(The only plausible explanation for the labeling that I can come up with is that when Apple started selling cases for the new iPad Air 2, they still had a huge stockpile of packaging for the original model that they didn't want to waste, so they shoved the new cases into the old packaging and slapped the microtext sticker on the back. When that ran out, new packaging included the proper iPAd Air 2 on the front, and this mix of labels we saw at the store reflected the mix of old and new stock. On the other hand, I have not been able to come up with a plausible explanation for how the Apple Store handles this mix as they do, utter than pure apathy and incompetence.)

Overall, what a disappointing, un-Apple-like experience. Things were about to get worse.

I had two questions about the email app, both leading down holes I never would have imagined.

The first seemed pretty simple: why is there no trash icon when viewing an email message? How do you delete a message? The identical app on my iPhone has a trash icon that's obvious and intuitive, but on Ann's iPad the same spot instead has what looks like a filing-cabinet icon whose purpose didn't seem apparent, and upon testing we couldn't figure out what it actually did.

The guy spent a considerable time in the labyrinth of iPad settings and couldn't figure it out, so we put that on the back burner and moved on.

My second question was about push notifications for new messages. It didn't surprise me that push notifications wouldn't work when connected only via Wifi, so I just asked to confirm this. But no, I was told that they should work. Ann wasn't getting notifications when I sent test emails, so the guy dives again into the labyrinth of settings for what seemed an eternity, only to end up suggesting to switch from GMail to iCloud for her email.

Just a few hours prior we'd been told that a non-iCloud account was required, but now we were being told to switch to iCloud. I didn't want Ann to have to juggle two email addresses, but no worries, Apple Staff told us, we'll switch your Apple ID registration to your iCloud address so that you can completely abandon the GMail address. Geez, okay, why didn't we do this from the start, but okay, let's do it.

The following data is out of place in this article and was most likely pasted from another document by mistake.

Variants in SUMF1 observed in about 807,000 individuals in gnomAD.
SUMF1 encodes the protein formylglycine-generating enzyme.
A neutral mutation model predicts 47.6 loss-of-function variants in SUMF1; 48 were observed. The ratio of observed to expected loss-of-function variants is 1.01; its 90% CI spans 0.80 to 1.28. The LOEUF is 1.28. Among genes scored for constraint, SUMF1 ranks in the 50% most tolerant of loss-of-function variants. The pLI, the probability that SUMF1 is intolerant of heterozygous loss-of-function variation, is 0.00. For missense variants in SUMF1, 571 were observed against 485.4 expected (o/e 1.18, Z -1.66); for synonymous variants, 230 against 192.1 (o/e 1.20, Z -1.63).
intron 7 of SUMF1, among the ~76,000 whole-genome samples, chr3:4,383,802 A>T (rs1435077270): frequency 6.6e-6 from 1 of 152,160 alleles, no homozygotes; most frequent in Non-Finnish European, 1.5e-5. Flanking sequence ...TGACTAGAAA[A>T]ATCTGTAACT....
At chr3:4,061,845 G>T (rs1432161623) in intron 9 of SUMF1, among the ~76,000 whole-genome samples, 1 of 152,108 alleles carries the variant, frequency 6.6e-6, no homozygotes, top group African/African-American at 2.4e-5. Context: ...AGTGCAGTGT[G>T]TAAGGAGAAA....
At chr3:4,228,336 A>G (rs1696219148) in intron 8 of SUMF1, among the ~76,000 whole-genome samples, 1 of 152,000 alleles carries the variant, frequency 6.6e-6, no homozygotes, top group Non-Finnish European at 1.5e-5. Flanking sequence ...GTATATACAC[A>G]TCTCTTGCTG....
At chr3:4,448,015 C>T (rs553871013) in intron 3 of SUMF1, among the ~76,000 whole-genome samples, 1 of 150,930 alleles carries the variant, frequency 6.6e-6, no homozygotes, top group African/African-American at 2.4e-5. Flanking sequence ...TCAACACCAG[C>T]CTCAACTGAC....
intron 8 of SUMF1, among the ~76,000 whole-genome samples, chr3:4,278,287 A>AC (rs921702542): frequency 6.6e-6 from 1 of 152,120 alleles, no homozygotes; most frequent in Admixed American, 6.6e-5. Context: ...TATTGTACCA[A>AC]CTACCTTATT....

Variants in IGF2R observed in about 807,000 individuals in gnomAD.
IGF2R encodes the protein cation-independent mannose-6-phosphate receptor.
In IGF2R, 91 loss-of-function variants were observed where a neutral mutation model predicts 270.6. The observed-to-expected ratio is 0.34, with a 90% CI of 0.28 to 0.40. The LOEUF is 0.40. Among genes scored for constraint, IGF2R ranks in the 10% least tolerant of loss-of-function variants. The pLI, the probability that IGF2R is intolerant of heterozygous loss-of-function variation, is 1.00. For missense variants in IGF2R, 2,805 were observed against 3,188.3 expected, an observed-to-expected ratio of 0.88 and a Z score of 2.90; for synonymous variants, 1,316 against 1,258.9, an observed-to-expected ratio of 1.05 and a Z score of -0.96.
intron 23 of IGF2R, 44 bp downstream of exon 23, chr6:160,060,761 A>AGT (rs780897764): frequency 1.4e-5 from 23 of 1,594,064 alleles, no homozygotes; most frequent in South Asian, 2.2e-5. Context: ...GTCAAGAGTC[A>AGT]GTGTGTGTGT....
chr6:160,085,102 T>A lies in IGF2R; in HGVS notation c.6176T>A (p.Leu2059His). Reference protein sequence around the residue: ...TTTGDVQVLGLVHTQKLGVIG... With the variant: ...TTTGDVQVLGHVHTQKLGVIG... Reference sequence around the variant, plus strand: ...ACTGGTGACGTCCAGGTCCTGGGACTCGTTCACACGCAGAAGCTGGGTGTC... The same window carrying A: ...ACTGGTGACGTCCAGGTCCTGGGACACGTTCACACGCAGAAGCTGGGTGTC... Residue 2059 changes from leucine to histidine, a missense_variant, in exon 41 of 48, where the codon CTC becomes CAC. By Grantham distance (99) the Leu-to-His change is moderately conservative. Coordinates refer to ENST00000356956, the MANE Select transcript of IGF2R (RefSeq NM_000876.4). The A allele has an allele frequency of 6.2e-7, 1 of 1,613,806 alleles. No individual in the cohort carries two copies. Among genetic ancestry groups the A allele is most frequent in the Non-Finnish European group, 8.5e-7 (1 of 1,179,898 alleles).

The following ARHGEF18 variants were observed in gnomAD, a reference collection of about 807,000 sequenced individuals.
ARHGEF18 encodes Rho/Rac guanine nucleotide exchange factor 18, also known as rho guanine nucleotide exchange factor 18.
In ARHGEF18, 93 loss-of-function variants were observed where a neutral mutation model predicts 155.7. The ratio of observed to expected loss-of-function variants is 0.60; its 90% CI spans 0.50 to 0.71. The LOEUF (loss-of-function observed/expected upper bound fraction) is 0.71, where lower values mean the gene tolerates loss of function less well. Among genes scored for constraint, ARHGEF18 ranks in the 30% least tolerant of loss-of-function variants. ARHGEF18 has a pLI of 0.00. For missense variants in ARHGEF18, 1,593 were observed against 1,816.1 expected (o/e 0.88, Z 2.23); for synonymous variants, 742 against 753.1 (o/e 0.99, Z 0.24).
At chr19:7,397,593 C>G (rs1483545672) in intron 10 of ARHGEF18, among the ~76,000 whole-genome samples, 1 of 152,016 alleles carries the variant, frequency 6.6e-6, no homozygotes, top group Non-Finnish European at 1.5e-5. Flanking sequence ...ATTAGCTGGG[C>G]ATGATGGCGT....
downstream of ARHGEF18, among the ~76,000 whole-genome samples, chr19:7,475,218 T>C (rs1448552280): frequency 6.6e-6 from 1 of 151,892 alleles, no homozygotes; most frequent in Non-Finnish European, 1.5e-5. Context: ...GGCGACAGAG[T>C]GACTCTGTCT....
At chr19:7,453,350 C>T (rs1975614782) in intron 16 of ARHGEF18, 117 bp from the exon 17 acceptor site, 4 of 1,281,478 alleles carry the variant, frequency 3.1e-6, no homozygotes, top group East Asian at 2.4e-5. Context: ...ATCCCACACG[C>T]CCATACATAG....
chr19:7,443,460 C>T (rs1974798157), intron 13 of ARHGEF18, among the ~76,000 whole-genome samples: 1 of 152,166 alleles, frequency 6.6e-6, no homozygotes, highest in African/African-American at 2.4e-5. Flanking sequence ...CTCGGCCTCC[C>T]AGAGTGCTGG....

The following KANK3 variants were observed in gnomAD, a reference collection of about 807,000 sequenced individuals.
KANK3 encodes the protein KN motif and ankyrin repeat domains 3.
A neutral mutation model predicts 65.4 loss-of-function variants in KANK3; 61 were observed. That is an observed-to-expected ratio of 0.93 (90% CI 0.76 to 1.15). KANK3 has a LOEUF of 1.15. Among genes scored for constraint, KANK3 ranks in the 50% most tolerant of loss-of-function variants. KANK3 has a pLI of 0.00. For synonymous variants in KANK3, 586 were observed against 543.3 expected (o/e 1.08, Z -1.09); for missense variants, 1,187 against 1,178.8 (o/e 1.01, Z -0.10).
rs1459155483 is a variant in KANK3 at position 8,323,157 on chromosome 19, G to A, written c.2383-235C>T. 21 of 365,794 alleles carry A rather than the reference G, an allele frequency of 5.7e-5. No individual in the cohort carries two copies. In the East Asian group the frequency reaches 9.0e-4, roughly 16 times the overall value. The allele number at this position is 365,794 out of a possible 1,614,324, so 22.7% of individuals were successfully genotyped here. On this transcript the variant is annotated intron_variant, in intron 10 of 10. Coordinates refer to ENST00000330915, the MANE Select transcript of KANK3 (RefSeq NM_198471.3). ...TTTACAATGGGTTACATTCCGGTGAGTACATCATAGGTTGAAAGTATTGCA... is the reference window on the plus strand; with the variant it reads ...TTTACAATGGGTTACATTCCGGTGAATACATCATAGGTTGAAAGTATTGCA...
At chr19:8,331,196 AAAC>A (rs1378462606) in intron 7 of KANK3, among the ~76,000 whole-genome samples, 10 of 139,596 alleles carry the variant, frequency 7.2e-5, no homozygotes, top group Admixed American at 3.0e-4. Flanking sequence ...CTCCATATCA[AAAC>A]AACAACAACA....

So he create the new account and we explained everything to Ann, who for the first time in the long day was starting to show signs of being overwhelmed. Once things were finally set up, test emails from me showed up on her iPad with immediate notifications as we wanted, so it was worth it. Then he went to switch her Apple ID registration over to her iCloud address so that she could completely abandon the GMail address they'd made for her earlier, and he hit a snag... it wouldn't let him switch.

Clearly this staff member was outside his area of expertise, but instead of asking one of his more-experienced colleagues, he starts Googling for a solution. This did not inspire confidence, and I strongly encouraged him to ask someone for help. He did, and the end result was that we backpedaled on the whole iCloud thing, reverted back to GMail, and simply gave up on push notifications. By this point the store was closing and we just wanted to get out of there.

But somewhere along the way he had figured out how to get the trash icon for Ann, so at least we had that going for us.

Overall Ann was thrilled with her first foray into high tech, but wow, the experiences at the Apple Store sure put a damper on things. As a tech geek I was mortified, and as an APPL shareholder I worry how this bodes for Apple's future.

All 7 comments so far, oldest first...

A couple of bits of clarifying information about the Mail app…